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  1. #1
    Retired Staff
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    Mar 2008


    Default Karan Johar's film denied permission in London

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    Karan Johar's film denied permission in London

    By Subhash K Jha

    Films on terror and terrorism from Bollywood are no longer the same. And shooting films on terrorism on foreign soil won't be easy either.

    If writer-director Renzil d'Silva had his way his film on terrorism would have been shot in London. Unfortunately, as per the script, permission was denied to shoot in any underground tube station of London.

    A little ironical, considering Jagmohan Mundhra's Shoot On Sight based on the London tube-station bombing was shot on actual location.

    Says Mundhra, "Getting permission was tough. The British authorities were very apprehensive because they had read my script. The UK Film Council had to invervene after we protested about artistic muzzling. "

    Such pleas, however, did not work with Renzil's terror drama. Not any more. The film had to be shifted wholesale out of London.

    Since a major chunk of the terrorists' scenes featuring Saif Ali Khan, Kareena Kapoor, Viveik Oberoi and Om Puri were situated in a tube station, the unit had no option but to shift base wholesale to Philadelphia in the US where permission was not only obtained to shoot in a tube station, but an entire train was hired for shooting during off hours.

    Confirming this shift of venue Om Puri who plays a terrorist mastermind in Renzil's face says, "We were supposed to shoot the film in London. But were denied permission to shoot at a tube station. Now we're shooting in Philadelphia.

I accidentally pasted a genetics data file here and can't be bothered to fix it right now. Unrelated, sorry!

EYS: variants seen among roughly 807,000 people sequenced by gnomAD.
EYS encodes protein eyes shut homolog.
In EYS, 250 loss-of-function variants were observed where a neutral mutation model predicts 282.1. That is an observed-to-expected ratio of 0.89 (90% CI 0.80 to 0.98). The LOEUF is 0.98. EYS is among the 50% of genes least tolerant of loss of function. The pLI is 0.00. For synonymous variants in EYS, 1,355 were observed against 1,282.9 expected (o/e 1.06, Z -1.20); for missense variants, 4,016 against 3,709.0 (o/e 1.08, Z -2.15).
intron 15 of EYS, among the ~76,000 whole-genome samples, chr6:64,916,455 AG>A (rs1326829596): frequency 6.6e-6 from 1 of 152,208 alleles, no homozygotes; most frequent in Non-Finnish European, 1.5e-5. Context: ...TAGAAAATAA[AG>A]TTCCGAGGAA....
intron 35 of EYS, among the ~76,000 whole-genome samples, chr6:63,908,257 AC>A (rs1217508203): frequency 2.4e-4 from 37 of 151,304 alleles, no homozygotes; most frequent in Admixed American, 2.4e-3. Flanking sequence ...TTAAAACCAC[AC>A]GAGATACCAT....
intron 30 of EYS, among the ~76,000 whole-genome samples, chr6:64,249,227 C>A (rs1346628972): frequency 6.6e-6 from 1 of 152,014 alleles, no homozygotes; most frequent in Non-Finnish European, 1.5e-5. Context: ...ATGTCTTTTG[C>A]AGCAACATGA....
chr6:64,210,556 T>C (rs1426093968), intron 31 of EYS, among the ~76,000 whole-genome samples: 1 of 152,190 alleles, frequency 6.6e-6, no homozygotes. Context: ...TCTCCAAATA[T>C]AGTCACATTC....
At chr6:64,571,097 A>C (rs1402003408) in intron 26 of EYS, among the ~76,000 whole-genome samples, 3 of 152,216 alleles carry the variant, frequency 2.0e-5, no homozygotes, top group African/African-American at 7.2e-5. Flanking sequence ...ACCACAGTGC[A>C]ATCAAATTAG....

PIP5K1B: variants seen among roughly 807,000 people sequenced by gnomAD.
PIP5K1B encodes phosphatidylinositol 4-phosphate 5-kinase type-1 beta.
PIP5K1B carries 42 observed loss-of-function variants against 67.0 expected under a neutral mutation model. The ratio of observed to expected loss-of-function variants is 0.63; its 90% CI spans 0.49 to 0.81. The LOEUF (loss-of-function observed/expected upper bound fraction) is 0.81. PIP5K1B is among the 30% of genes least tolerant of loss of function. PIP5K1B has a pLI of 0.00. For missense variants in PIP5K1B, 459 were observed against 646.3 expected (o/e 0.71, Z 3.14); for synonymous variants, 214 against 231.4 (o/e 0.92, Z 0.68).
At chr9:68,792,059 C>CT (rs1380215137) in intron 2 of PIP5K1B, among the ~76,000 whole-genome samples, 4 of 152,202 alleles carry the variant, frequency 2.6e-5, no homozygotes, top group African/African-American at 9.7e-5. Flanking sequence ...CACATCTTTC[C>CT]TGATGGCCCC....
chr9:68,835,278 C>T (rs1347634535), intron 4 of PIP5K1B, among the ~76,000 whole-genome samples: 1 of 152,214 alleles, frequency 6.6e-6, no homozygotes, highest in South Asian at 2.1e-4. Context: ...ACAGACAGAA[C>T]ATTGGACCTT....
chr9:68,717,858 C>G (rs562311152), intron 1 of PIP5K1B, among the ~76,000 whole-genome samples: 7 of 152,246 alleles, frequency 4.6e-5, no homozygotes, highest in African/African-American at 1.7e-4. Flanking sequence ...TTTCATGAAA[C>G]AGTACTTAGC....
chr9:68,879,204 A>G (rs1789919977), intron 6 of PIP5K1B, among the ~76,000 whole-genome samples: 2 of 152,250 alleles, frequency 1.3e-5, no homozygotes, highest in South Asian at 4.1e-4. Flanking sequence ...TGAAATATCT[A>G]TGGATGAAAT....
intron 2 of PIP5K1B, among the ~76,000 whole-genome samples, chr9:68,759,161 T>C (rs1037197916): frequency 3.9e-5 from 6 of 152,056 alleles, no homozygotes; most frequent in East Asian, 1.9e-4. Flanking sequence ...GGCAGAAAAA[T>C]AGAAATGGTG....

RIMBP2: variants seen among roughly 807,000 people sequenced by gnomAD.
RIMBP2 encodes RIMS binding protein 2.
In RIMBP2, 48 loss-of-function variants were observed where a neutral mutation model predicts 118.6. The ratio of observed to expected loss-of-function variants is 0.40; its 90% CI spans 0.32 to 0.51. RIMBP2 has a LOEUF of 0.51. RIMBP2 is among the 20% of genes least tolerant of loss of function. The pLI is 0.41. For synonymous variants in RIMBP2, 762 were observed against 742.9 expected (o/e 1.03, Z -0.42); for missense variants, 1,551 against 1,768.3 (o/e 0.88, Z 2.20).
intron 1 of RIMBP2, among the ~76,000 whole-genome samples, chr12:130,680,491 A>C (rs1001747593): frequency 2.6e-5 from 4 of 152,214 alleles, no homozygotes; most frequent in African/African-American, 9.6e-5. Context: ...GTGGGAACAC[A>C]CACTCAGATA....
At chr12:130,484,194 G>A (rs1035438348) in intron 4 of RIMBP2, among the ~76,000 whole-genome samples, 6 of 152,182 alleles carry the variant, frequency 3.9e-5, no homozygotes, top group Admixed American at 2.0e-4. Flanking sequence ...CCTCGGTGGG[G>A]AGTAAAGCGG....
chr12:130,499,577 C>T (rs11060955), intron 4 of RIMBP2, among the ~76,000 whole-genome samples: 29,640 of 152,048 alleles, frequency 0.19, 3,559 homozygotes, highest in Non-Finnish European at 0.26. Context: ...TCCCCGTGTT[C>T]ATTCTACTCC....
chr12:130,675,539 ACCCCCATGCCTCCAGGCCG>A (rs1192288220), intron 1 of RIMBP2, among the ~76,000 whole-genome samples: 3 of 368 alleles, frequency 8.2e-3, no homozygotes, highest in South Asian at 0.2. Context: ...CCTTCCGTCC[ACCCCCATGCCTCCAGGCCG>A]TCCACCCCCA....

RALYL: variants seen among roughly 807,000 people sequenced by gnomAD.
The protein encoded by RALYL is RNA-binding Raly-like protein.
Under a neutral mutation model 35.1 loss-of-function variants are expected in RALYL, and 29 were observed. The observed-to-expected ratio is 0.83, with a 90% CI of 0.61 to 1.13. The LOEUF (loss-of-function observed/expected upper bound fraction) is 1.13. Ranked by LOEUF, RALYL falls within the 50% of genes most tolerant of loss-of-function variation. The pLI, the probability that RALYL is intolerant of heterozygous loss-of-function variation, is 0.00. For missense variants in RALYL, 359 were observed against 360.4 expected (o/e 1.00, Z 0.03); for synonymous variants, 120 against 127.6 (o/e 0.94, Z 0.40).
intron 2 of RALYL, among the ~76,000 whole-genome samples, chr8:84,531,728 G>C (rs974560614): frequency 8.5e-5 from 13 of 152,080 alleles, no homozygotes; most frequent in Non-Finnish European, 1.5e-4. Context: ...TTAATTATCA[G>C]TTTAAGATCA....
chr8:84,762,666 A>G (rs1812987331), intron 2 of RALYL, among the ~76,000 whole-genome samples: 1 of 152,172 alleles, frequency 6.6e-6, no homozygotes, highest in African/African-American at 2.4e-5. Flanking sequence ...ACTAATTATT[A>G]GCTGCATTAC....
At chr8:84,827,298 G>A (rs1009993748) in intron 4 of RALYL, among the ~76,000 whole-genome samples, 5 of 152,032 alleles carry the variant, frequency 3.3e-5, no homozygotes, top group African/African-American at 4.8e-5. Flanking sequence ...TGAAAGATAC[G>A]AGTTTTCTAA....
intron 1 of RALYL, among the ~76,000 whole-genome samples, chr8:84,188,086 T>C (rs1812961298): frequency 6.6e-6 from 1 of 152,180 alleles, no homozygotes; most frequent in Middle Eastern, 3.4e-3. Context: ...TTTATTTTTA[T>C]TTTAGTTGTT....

The paradigms of terrorism and films on the theme have certainly shifted first after 9/11 and now even more so after what has happened in Mumbai. "

    It looks like one of Bollywood's beloved villains the terrorist played by all and sundry from the sultry Ayesha Dharker in Santosh Sivan's Terrorist to Tulip Joshi in Dhokha is shedding plumes.

    Om Puri says the terrorist can no longer be Bollywood's favourite villain. "We can't make provocative films on terrorism any more where we show terrorists as snarling villains. "

    Om thinks even Neeraj Pandey's much-acclaimed A Wednesday featuring Naseeruddin Shah as a explosive mastermind was provocative.

    "Imagine what they'd make of A Wednesday across the border! Now I think the time has come to soften the edges while portraying the terrorist. In Renzil's film, though I play a terror mastermind I'm not shown as an insane irrational madman. To understand why terror attacks happen we need to understand the terrorists' mind. My character in Renzil's film is an endeavour in that direction. "

    The question is, how much re-writing would Karan Johar's next directorial venture My Name Is Khan about the isolation of the Indian Muslim (Shah Rukh) in the US post 9/11, require after 11/26?

  2. #2
    Kal Ho Na Ho
    Join Date
    Aug 2008



    Thanks for sharing.

  3. #3
    Join Date
    Oct 2008



    dont really like this kind of movies and london is in a turmoil with the attacks so i think that they are justified in not wanting this type of movies released there. thanks for sharing payal



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